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Former President Dr. Goodluck Ebele Jonathan has charged members of the Economic Community of West African States (ECOWAS) Parliament to champion national processes that would strengthen democracy and improve governance in West Africa, as a means of reversing the trend of military coup d’état and growing social tension in the region.

The former President stated this while addressing the First Extraordinary Session of the Fifth ECOWAS Parliament which has just ended in Monrovia, Liberia. Describing the Parliament as the soul and heart of democracy, Dr Jonathan urged the parliamentarians to seek to protect democracy in West Africa by making laws that would guarantee the independence of the electoral management bodies, ensure electronic voting, safeguard rule of law and protect constitutional term limits.

Speaking on the place of credible elections in a democracy, Dr. Jonathan stated: “The parliament should seriously consider the imperative of protecting the independence of electoral management bodies to ensure that electoral processes are transparent, free, fair and acceptable to stakeholders. We have to grow our democracy to a level where people will believe that their votes will count. That will only be possible if they have confidence in the impartiality and neutrality of electoral management bodies.”

The former president who is ECOWAS mediator in Mali also reiterated his call for the adoption of electronic voting in ECOWAS nations, adding that the deployment of technology and automation would sanitise electoral processes by reducing the high incidence of electoral malpractices such ballot box stuffing, results falsification, thuggery and violence during elections.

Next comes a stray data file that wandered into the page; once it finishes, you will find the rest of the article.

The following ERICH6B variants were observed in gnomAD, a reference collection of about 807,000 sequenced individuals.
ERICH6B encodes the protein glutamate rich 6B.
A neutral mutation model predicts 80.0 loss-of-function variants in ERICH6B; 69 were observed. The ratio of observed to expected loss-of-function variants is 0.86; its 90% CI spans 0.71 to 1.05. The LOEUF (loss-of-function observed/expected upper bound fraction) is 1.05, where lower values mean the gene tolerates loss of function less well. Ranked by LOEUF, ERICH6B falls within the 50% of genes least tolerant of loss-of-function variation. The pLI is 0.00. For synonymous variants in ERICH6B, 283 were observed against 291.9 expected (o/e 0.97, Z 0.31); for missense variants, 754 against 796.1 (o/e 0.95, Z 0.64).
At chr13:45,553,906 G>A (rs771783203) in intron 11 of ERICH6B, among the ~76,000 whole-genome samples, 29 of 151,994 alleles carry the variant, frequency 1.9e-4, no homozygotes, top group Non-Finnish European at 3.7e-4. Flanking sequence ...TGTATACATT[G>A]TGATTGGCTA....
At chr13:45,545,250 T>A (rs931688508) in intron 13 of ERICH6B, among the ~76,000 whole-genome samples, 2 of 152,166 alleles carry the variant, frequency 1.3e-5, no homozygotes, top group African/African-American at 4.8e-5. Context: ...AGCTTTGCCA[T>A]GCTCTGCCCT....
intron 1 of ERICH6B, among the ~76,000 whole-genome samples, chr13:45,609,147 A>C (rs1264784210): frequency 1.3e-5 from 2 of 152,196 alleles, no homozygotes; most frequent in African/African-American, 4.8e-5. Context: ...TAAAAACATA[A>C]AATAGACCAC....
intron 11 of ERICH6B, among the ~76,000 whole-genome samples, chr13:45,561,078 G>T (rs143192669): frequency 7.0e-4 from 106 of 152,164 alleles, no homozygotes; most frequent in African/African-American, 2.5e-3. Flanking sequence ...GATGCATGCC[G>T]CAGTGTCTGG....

Dr. Jonathan who shared his mediation experience in Mali while featuring on a panel that focused on the ‘Impact of the Mediation of Special Envoys on the Operationalisation of the ECOWAS Mediation Mechanisms’ further advised the lawmakers to pass laws that would strengthen their national constitutions in order to protect democratic values and practices.

Along this line,  Dr. Jonathan pointed out the danger posed by the lack of provisions for the impeachment of elected leaders in the constitution of some West African countries, adding that such a situation ties the hands of citizens in legally expressing their democratic rights.

According to him: “Having a provision for impeachment in the constitution can help defuse social tension. This is because it gives people the hope that they can legally remove erring leaders, rather than always resorting to public demonstrations which often lead to violence, to protest lack of confidence in an elected leader.”

The former President also charged the leaders to deepen the engagement on the processes that would improve economic growth and promote development. He also made a case for the consolidation of the ECOWAS Bank for Investment and Development (EBID) to fund small businesses and agriculture, especially adding value to farm and forest produce.

For democracy to serve the people well, Dr. Jonathan further noted that development, economic growth and welfare of citizens have to be prioritised by leaders. “When the economies of various nations are doing well, more jobs will be created and it will be difficult for young people to be recruited for causes that promote crime and violence.”

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